Julia Giglio must have a Time-Turner. That’s the most logical explanation for how this high school senior in Urbana, MD, can possibly do all of the things she does. “Unfortunately for my parents, I’m very heavily involved,” she laughs.
Giglio is the Vice President of Programs for the National Capital Area Council Venturing Officers Association as well as the President of her local Frederick County’s Venturing Officers Association. Venturing is a co-ed program for 14- to 21-year-olds through the Boy Scouts of America that focuses on the four pillars of adventure, leadership, personal growth, and service. “It’s about becoming the best version of yourself,” she says.
At Urbana High School, she’s the Captain of Competition for their Maryland Science Olympiad team, which competes in events pertaining to science, technology, engineering, and math. She’s the President of the National French Honor Society, through which she runs a weekly French tutoring session for local middle school students. She’s also a member of the French Club, the Multicultural Club, and the Student Government Association, as well the National Honor Society for Urbana High School as well as the National Honor Societies for English, math, and science. And she has a 4.0 GPA.
Outside of school, she works part-time at the Urbana Regional Library, has an internship at the National Cancer Institute at Fort Detrick, and is very involved in her church. Believe it or not, she also has what she describes as an active social life.
Last fall, Giglio went looking for a project to submit as part of her Venturing Summit Award application. The Summit Award is Venturing’s highest honor. To earn it, a Venturer must demonstrate achievement in the program’s four pillars, including a service portion that requires you to “plan, develop, and give leadership to others in a service project helpful to a religious institution, school, or community.”
On the hunt for a project, Giglio went to the Greater Urbana Area Food Bank and spoke with Jo Ostby, who has run the food bank out of her basement for almost 30 years. “I noticed that there was fresh produce that she’d had to start throwing out because she had no place to store it,” Giglio said. Ostby told her that she’d had the idea for a walk-in cooler project, but six scouts had already turned it down. “Today’s your lucky day,” Giglio replied, “because I’m ready.”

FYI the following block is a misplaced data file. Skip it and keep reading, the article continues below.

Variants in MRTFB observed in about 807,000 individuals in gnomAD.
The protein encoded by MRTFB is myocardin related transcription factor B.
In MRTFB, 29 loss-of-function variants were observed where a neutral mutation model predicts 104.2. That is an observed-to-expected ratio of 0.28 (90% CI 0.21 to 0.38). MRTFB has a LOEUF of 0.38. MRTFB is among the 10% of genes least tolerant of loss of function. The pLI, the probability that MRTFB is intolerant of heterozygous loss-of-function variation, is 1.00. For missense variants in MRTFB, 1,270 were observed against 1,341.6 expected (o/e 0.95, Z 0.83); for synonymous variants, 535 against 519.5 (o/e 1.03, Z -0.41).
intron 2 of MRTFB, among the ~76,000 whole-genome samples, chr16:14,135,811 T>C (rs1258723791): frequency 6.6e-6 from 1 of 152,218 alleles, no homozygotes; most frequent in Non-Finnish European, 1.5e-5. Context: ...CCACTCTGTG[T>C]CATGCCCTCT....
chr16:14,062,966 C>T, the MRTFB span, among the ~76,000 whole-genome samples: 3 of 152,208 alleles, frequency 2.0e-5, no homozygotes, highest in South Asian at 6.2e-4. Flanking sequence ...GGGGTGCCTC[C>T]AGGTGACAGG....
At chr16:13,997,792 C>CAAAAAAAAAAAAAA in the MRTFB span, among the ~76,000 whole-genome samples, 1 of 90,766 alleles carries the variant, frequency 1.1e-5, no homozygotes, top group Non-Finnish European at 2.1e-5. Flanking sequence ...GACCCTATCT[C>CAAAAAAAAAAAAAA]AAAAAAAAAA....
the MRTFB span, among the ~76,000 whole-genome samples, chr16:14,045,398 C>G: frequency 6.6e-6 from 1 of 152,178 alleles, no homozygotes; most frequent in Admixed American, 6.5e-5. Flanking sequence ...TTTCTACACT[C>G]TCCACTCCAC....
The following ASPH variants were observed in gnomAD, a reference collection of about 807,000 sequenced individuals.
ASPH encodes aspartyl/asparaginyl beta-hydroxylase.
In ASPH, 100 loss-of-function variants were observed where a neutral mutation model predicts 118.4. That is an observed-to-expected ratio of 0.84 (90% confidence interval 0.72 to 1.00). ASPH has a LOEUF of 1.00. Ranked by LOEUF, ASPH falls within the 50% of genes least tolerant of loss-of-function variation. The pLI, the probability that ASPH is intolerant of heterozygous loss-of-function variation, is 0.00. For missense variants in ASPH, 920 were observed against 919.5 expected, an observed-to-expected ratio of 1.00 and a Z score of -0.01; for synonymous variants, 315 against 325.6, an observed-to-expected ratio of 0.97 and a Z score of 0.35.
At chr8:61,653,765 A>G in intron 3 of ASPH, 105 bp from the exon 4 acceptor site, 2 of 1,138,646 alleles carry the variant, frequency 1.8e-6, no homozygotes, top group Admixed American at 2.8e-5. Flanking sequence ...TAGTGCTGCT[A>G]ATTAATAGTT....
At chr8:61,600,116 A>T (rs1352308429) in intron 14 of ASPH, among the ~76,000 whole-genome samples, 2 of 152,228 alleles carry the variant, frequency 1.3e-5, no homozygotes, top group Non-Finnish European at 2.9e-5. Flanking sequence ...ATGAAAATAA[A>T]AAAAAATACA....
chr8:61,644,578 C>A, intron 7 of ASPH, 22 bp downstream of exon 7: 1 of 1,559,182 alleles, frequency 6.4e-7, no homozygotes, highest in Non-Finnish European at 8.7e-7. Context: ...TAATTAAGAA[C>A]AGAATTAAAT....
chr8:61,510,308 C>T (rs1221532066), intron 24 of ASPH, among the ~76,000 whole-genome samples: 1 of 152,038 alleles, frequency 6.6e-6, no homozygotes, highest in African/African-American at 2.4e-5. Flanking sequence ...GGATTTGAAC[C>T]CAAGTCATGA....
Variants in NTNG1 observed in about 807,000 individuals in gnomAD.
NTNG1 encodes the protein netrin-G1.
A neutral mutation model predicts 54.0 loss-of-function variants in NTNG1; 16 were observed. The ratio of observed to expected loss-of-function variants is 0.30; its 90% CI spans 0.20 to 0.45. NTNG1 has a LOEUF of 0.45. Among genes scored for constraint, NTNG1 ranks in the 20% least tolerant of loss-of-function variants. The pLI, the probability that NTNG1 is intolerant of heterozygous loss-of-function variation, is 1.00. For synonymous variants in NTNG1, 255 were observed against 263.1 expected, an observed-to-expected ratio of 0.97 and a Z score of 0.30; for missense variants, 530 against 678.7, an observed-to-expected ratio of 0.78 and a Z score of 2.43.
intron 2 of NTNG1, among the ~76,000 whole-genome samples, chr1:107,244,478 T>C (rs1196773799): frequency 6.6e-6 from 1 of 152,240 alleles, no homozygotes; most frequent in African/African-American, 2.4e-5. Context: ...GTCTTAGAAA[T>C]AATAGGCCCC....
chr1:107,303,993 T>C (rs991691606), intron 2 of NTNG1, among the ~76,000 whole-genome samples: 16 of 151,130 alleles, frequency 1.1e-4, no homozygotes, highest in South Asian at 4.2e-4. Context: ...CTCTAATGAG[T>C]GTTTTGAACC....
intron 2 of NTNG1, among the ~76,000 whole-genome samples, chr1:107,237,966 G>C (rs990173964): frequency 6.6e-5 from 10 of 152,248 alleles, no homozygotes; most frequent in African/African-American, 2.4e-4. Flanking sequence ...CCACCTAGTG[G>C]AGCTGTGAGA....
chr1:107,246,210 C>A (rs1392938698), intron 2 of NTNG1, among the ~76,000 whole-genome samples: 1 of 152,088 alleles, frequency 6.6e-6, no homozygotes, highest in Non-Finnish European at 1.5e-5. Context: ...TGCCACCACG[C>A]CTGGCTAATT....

After committing to the idea, she started to get nervous because they had no funding. She enlisted her dad as a technical consultant, and together they priced the cooler at $3500. “As a soon-to-be college student, I understand the value of every penny,” she says. “So, I started soliciting funds from friends, family, and local businesses. I also filled out a bunch of grant applications, including one for the Wawa Foundation.” She also reached out to Store It Cold.
Initially, she raised about $1000. Wanting to get the foundation finished before the cold weather came, she made the decision to start building. But with less than one-third of the funds they needed, she started reimagining the project. “I broke down the procedure to build the cooler into parts and concluded that the best I could do with the money we had was to give her a shed with an insulated floor. Then, I got an email from John Bergher at Store It Cold saying they would donate a CoolBot.”
That moment was a turning point. Giglio launched another solicitation campaign and raised $750, “so we could put the walls up.” Then, she got an email from the Wawa Foundation saying they would grant her $2000. That meant the full project could be completed!
There were five official build dates. Twenty-six people from Venture Crew 796 (Giglio’s Crew), Boy Scout Troop 796, and the local community participated, putting in a total of 269 man-hours (not counting the work by Giglio and her family or her best friend’s dad, an electrician who did the electrical work for free)..
As the final step, Giglio hooked the CoolBot up herself (“It was so easy!”). And around the middle of January, she presented the cooler to Ostby along with a maintenance guide and also a check for $1000 they had left over. “That was that, and we’re done, and I’m so happy!” she says. If you’d like to learn more about the project, check out the website she built to chronicle its progress.
Giglio is clearly an impressive young woman and a model for us all. She credits Venturing for helping her become the person she is today.
“I started in the Venturing program when I was 14,” she says. “In the first few meetings, I didn’t know what I was doing. I was shy and nervous, and I shed more than a few tears over organizational stuff. Now, I can communicate and hold leadership positions confidently. Venturing is a great place for developing those skills. We’re celebrating the 20th anniversary of the Venturing program this year [this month, in fact], and still not many people know what it is. It should be promoted more widely.”
If Giglio is an example of the benefits of Venturing, it should not only be promoted, it should be required!
So, what’s next?
Giglio wants to be a project manager when she grows up (“just like my dad”). She graduates from high school this spring, and she’s anxiously awaiting the results of her college applications. Even with all of her accomplishments and an undoubtedly bright future ahead, she remains unassuming. “I’m excited for every challenge along the way and every opportunity I get to partake in,” she says.
Watch out, world!